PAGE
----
Why AMC Networks Inc. Stock Went Dark Today

12:40 p.m. ET: Shares of the media and entertainment company dropped more than 11% after it released second-quarter results.

Steve Symington
Steve Symington
Aug 6, 2015 at 12:32PM
Consumer Goods
What's happening: Shares of AMC Networks (NASDAQ:AMCX) were down 11.4% as of 12:40 p.m. Thursday despite releasing solid second-quarter results.
Quarterly net revenue climbed 15.1% year over year to $601.1 million, driven by 22.8% growth from National Networks, and held back by a 9.4% drop to $112.9 million from AMC's "International and Other" segment. 
That translated to a 38.3% increase in net income from continuing operations to $83 million, or $1.14 per diluted share. On an adjusted basis, which includes amortization of acquisition-related intangibles, AMC's earnings rose to $1.23 per share, up from $0.90 per share in the year-ago period. Adjusted operating cash flow also climbed 21.9% year over year to $191 million.
Analysts, on average, were anticipating adjusted earnings of just $0.88 per share -- extending AMC's recent streak of bottom-line outperformance -- and lower revenue of $588.3 million. Consequently, I can't blame AMC Networks CEO Josh Sapan for calling it a "strong second quarter ... driven by our continued focus on investing in high-quality programming." 
To be sure, AMC's acquisition of Chellomedia -- formerly the international content division of Liberty Global -- sets it up nicely to more effectively manage and monetize overseas distribution, especially considering its impending premiere of spin-off series Fear the Walking Dead later this month. Sapan also reminded shareholders that AMC has "aligned ourselves with a premier producer of content through our BBC AMERICA joint venture," under which the company invested $200 million for operational control and a 49.9% equity stake in the channel.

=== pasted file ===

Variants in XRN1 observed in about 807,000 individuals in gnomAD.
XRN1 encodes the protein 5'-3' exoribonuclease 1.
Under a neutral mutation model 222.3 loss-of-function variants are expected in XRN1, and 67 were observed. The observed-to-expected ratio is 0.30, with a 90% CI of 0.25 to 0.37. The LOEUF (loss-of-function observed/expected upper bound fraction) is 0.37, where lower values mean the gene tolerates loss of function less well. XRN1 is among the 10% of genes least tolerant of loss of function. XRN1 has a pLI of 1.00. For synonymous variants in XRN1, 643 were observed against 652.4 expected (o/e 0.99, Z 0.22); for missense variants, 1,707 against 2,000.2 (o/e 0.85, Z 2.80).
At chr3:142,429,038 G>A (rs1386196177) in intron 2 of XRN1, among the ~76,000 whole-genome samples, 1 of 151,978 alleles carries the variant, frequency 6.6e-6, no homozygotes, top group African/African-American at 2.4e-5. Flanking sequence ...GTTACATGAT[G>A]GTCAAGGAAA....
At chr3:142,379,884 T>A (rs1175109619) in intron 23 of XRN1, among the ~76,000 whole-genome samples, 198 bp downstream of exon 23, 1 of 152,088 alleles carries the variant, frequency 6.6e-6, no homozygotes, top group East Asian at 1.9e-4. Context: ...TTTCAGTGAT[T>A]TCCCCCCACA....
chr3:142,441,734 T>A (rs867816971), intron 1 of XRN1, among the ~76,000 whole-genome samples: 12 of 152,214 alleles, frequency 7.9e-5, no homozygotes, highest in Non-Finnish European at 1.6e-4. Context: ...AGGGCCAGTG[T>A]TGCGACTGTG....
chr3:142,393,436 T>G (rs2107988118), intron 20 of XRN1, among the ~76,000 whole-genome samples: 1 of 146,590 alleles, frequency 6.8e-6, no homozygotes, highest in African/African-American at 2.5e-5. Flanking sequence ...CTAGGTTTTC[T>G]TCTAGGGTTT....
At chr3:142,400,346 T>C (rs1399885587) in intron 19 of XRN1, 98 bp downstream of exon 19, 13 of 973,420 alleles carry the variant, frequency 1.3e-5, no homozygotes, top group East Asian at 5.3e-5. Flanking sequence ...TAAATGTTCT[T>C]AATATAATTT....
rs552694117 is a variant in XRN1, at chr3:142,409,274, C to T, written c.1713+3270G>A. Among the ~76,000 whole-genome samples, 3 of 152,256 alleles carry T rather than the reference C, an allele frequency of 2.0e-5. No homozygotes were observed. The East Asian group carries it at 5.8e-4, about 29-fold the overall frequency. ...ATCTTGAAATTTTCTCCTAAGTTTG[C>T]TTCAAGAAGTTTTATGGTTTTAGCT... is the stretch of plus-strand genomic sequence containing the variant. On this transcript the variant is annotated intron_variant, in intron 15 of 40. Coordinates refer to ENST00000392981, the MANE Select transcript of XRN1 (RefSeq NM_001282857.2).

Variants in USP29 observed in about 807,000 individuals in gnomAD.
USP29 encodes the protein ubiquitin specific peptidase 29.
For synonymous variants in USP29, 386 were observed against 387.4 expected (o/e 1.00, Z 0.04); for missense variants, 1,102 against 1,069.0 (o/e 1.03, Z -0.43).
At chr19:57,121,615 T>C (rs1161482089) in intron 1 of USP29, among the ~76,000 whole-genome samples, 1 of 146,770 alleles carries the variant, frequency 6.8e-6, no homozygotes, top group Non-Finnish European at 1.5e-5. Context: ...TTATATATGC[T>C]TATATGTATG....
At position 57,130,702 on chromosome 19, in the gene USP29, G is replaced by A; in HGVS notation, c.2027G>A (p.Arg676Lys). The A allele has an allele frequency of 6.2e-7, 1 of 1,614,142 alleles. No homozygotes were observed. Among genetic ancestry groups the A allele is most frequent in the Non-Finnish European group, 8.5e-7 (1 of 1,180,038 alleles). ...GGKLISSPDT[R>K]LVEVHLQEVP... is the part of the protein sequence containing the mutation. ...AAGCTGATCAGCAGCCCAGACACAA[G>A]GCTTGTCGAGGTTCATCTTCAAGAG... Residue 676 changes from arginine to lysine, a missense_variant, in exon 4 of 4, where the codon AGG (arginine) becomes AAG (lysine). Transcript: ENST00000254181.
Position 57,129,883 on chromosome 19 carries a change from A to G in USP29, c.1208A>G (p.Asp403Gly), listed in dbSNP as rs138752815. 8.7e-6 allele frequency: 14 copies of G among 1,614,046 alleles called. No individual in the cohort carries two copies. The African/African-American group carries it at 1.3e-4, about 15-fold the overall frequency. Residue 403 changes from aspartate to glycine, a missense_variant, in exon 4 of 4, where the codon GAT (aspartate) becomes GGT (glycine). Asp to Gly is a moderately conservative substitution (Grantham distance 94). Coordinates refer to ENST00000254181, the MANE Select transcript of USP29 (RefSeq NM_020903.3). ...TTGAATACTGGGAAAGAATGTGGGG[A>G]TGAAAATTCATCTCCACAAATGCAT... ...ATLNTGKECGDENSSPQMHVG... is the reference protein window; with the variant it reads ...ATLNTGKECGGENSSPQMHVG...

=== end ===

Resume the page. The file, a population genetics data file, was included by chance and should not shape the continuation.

Why it's happening: In the meantime, however, investors certainly aren't pleased that this marks the first decline in nine quarters for AMC Networks' international business. And compounding the situation is a huge sell-off in other media companies amid worries about the negative impact of cable cord cutters. Yesterday, for example, Disney dropped 9% after its own second-quarter results revealed falling ad sales and modest subscriber losses at ESPN. And Discovery Communications drifted more than 11% lower after it posted solid Q2 results, but followed with a light full-year outlook.

Nonetheless, Sapan did his best to combat those concerns as well, stating "This strategic approach has enabled us to diversify our sources of revenue and has set us up well for an increasingly digital future, one in which consumers exercise more choice and control over every minute of television they watch. We believe this strategy will continue to allow us to create value for our shareholders in the near, mid and long term."